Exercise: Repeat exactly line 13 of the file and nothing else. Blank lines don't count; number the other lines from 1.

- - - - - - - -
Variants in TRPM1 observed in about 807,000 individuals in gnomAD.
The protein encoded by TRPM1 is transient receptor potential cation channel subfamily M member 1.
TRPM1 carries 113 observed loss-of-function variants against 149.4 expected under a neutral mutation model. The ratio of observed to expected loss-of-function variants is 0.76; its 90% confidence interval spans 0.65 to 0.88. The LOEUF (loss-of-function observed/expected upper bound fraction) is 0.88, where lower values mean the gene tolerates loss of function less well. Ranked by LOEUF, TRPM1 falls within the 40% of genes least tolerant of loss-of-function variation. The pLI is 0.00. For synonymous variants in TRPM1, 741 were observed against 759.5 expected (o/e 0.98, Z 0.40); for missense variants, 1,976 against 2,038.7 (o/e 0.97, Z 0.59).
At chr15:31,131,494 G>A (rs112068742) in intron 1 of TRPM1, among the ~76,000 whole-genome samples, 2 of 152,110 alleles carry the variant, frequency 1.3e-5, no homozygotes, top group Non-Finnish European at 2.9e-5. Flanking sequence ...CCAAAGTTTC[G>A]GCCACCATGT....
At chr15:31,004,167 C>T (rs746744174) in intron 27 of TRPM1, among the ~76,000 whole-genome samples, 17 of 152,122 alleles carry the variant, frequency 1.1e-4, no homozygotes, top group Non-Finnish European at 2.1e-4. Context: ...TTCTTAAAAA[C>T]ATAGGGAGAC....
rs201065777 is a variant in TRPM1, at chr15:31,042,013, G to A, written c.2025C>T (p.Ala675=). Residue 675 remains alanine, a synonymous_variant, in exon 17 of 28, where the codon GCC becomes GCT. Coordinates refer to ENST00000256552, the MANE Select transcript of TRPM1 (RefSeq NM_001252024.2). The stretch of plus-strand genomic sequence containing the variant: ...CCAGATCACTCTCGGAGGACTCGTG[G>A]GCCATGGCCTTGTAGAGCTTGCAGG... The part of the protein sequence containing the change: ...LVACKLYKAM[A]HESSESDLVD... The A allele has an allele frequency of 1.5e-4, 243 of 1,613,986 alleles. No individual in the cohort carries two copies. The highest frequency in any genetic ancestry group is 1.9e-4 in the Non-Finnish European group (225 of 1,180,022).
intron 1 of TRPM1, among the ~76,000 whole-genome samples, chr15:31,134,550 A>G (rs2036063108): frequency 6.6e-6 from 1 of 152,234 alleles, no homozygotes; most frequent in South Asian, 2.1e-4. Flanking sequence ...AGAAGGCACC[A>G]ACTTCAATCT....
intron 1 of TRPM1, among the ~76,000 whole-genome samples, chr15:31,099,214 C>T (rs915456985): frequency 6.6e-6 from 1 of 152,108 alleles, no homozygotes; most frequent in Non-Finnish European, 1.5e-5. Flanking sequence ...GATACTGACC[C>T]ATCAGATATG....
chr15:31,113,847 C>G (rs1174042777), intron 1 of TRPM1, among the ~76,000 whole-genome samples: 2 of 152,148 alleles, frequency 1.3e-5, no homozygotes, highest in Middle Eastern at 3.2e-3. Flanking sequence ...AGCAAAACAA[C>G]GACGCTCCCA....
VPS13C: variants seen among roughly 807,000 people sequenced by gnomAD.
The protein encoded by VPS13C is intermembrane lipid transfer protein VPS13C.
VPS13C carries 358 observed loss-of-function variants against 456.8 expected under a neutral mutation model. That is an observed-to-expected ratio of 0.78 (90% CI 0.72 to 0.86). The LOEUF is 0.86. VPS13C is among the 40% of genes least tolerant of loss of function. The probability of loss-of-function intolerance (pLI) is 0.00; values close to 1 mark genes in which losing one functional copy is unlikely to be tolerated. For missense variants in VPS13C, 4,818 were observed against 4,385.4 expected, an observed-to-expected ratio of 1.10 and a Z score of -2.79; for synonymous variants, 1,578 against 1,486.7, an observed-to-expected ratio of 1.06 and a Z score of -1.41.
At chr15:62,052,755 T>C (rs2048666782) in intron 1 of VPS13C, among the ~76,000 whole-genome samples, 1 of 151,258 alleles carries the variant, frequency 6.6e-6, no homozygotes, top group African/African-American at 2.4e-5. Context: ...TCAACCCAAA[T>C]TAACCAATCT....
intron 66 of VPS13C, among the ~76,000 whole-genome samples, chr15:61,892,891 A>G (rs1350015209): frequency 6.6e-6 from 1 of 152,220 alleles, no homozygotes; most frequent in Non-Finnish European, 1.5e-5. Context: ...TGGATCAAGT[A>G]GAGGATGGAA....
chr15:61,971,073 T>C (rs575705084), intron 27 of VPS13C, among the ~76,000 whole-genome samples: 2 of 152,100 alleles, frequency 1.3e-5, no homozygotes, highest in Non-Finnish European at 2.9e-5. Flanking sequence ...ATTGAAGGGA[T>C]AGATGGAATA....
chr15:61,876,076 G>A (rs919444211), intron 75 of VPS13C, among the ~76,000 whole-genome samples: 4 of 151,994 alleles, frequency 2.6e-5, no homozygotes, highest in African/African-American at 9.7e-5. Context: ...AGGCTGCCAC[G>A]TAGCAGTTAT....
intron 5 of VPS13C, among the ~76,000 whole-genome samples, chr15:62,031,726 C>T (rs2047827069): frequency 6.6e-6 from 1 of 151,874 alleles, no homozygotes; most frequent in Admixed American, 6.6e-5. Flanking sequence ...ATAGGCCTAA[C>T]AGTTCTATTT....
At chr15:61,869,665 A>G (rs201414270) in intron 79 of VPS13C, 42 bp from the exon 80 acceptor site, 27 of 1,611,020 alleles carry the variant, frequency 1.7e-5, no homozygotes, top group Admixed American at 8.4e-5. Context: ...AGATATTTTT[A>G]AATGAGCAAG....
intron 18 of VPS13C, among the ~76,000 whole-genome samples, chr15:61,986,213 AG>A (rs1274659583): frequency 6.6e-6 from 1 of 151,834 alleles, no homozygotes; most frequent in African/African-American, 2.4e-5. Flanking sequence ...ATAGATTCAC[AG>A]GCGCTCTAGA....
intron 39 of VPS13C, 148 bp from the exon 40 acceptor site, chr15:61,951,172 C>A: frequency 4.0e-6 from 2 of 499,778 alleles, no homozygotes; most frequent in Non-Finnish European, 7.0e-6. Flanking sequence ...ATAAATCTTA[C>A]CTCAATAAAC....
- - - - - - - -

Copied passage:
At chr15:62,052,755 T>C (rs2048666782) in intron 1 of VPS13C, among the ~76,000 whole-genome samples, 1 of 151,258 alleles carries the variant, frequency 6.6e-6, no homozygotes, top group African/African-American at 2.4e-5. Context: ...TCAACCCAAA[T>C]TAACCAATCT....